Spatial digital twins combine data, 3D modelling and geospatial software to digitally represent buildings, neighbourhoods, precincts, towns and cities; sometimes even entire regions. First conceptualised in the early 2000s, digital twins are now being used in earnest as a planning tool across the built environment.
Digital twins are a growth industry, set to play an important role in the development of smart cities. According to a report by the World Geospatial Industry Council, the digital twin market will be worth an estimated USD$25 billion by 2026.
These incredible digital replicas of the real-world let users immerse themselves in everything from a place’s geographic layout and natural landscapes to buildings, structures, assets, transport links and critical infrastructure services.
Spatial digital twins are an example of what are known as data centric digital twins - where data informs the development of the twin. Data gets piped in from multiple third-party datasets and could include environmental, digital engineering, utilities and sensor information. Social and economic data on the movement of people and goods can even be included. The possibilities for making great use of data are limitless.
There’s lots of benefits. Location-based insights provided by spatial digital twins can help city planners better understand urban policy issues, test potential interventions and deliver more sustainable planning and development. But only if the twin has been properly designed and developed, with consideration given to the all-important role of data.
Beware digital duds
It can be tempting to create a digital twin and feed it some data later. This is a risky way of going about things. Treating data as an afterthought will create problems down the line.
Without first thinking about the data, your digital replica of the ‘real world’ will amount to little more than a husk with minimal practical value. You won’t be able to use your twin to see how a proposed new infrastructure development, for instance, will slot into the here and now of the urban form.
Why? Because the built environment (and its data) is always changing. Spatial digital twins developed with data uploaded after the fact quickly get outdated. All you’ve succeeded in doing is creating a ‘point in time’ twin that will be cumbersome to update and maintain. Its value will continue to degrade over time.
Take a data-first approach
Data is the engine that drives digital twins. It’s where the true value of your twin lies, not in the bells and whistles of its flashy visuals and user interfaces.
When you access data through a spatial digital twin, you're accessing it direct from its custodian. As digital engineers, we set up systems to standardise and let the twin tap into many sources of data. With data standards varying across industries and jurisdictions, this isn’t always a quick or easy process but is worth it in the long run.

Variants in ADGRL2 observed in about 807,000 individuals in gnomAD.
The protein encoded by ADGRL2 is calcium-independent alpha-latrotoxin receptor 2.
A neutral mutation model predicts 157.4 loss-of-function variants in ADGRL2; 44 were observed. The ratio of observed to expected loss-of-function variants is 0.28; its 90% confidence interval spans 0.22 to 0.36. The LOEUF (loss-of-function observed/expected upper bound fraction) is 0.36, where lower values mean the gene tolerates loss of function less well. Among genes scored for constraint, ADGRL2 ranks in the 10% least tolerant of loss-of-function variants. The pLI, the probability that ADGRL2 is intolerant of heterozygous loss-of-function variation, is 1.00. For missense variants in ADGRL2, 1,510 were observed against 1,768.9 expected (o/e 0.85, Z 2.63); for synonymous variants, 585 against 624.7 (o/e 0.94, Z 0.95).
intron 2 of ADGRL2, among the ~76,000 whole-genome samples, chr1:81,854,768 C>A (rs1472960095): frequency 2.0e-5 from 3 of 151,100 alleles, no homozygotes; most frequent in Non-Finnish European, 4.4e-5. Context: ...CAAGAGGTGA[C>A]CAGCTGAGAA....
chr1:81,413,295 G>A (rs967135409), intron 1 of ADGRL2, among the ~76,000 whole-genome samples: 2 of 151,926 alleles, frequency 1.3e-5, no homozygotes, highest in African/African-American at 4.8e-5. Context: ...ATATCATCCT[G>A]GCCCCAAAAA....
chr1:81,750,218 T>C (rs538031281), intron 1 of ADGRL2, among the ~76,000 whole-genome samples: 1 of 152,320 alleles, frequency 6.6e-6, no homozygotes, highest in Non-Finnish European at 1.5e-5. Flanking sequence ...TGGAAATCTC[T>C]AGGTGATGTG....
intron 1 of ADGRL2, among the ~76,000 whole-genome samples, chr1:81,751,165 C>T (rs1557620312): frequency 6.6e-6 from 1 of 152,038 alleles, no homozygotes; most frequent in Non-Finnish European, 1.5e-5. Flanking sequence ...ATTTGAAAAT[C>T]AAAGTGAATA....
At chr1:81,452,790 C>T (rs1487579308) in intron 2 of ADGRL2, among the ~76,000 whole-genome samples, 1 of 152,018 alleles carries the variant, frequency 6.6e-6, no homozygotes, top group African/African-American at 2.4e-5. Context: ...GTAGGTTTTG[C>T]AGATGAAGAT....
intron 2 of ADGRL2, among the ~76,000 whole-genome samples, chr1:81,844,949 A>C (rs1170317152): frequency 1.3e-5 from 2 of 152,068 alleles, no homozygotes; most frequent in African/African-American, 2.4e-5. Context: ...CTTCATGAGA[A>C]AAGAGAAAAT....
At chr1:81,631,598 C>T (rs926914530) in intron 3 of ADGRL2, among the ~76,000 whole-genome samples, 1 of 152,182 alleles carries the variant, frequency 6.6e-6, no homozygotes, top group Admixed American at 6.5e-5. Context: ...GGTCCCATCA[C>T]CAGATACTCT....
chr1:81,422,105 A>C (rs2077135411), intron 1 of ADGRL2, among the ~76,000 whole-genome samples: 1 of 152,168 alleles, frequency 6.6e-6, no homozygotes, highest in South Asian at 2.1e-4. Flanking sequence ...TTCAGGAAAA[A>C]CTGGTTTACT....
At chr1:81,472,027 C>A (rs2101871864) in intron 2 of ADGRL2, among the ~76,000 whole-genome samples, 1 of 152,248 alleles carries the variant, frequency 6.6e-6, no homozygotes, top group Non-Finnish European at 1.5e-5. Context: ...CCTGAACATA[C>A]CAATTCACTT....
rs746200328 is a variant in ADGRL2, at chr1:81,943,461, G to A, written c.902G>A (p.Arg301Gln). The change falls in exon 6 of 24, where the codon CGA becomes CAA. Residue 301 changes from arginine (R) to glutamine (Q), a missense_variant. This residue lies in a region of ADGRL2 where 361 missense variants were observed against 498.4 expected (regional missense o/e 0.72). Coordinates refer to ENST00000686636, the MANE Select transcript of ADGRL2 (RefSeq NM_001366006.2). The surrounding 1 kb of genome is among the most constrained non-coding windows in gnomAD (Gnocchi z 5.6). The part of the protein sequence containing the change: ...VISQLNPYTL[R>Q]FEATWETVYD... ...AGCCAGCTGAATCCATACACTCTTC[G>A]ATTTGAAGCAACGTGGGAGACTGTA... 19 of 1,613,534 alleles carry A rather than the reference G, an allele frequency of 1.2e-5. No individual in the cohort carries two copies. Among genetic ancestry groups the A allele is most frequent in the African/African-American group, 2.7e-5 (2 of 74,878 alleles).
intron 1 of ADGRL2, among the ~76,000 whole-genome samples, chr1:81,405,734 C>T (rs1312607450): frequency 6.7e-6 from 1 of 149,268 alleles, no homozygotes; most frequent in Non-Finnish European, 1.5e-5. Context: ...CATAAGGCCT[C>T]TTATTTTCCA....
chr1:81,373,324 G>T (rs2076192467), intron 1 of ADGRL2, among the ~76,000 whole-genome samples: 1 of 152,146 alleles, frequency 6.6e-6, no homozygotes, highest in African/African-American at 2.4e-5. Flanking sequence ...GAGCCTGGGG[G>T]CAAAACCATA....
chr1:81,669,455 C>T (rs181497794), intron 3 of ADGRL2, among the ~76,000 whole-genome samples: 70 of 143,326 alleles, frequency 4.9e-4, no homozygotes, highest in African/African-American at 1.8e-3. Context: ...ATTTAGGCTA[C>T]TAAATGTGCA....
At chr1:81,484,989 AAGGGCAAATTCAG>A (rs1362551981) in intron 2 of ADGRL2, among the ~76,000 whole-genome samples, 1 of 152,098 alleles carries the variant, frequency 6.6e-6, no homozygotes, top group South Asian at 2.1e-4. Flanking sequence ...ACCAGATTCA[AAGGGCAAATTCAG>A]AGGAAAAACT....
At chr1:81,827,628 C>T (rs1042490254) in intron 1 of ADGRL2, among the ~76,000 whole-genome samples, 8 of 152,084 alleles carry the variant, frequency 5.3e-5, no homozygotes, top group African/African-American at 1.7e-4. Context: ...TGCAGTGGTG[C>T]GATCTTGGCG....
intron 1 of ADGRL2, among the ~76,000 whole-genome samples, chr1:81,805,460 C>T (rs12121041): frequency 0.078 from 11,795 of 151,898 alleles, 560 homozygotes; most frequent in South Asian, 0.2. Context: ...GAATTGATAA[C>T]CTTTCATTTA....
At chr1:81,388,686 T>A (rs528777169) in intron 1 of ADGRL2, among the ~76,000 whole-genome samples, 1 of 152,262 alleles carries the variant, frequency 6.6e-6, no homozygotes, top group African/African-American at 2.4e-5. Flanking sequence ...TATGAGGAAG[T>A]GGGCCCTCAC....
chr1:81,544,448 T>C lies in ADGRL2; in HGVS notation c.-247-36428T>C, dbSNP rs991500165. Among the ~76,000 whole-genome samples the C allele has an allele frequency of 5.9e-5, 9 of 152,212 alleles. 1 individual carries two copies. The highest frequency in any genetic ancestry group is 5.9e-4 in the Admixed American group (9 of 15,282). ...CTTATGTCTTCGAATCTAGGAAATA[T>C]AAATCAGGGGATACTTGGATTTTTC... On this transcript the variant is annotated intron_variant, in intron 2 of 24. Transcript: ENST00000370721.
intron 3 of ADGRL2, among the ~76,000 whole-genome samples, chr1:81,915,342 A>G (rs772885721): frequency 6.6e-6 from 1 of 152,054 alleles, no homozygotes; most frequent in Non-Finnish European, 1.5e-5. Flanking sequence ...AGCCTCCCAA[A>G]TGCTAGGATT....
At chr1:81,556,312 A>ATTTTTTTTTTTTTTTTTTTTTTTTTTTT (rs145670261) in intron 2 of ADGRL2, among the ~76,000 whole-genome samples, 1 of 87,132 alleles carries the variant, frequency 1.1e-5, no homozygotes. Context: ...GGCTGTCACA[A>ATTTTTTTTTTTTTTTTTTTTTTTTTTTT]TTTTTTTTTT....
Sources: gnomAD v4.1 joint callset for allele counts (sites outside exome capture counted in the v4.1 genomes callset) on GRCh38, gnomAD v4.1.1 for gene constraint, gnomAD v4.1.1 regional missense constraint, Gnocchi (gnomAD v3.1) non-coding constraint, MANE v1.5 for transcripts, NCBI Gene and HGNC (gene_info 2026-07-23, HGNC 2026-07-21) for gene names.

In a well set up spatial digital twin, users can query data on all kinds of objects to discover layers of information beyond the twin’s geographic surface features. Feed it with the latest waste management data, for example, and you can not only see the locations of city rubbish bins, but when they were installed and last serviced.
Designed to handle constantly changing feeds of information, spatial digital twins provide a window into past, present and future. They can be set up in a way that let users examine historic and projected data. This is a boon for planners wanting to understand how a planned built development compares with days of old or may impact future urban form.
Learn from the best
One of the best local examples of a spatial digital twin is the virtual replica being developed for the State of New South Wales (NSW). Digital experts from WSP are heavily involved in this AUD$40 million project,. as well as a digital twin for the State of Victoria.
Put together with the input of public and private sector organisations, the NSW twin combines data sources from across the state - including spatial, natural resources and planning information. This is all integrated with real-time feeds from sensors.
It can be used by anyone to visualise location information in a 3D or 4D model of the real-world - in near real time. That supports improved decision making, and planning, operation and design of assets and services. Data in the NSW twin is even being used to inform risk and resilience decisions in the location and protection of essential utilities infrastructure in emergency situations like bushfires.
Much of the upfront development focus with the NSW twin was on bringing in clean and consistent data. Being consistent around how data gets pulled into and out of the twin has been a boon for accessibility. It makes the twin better able to be queried, and lets users harness the full power of the twin to solve complex real-world challenges.
Setting rigorous data standards at the outset has set NSW up for success and won plaudits from users. In the twelve months to December 2021, the twin received 18 million requests for access to 3D datasets.
Now, more than ever before, the world is awash with data on the physical and built environment. Bringing these zeros and ones together in a single place where they can be visualised, interpreted and analysed is the great value-add of a spatial digital twin.
Ultimately, spatial digital twins contribute to developing better designed, more sustainable and resilient communities – from the smallest of assets in the built environment to entire cities or regions. But this can only happen if data sits at the heart of your efforts. Otherwise, as Shakespeare’s mad old king reminds us, ‘Nothing will come of nothing’.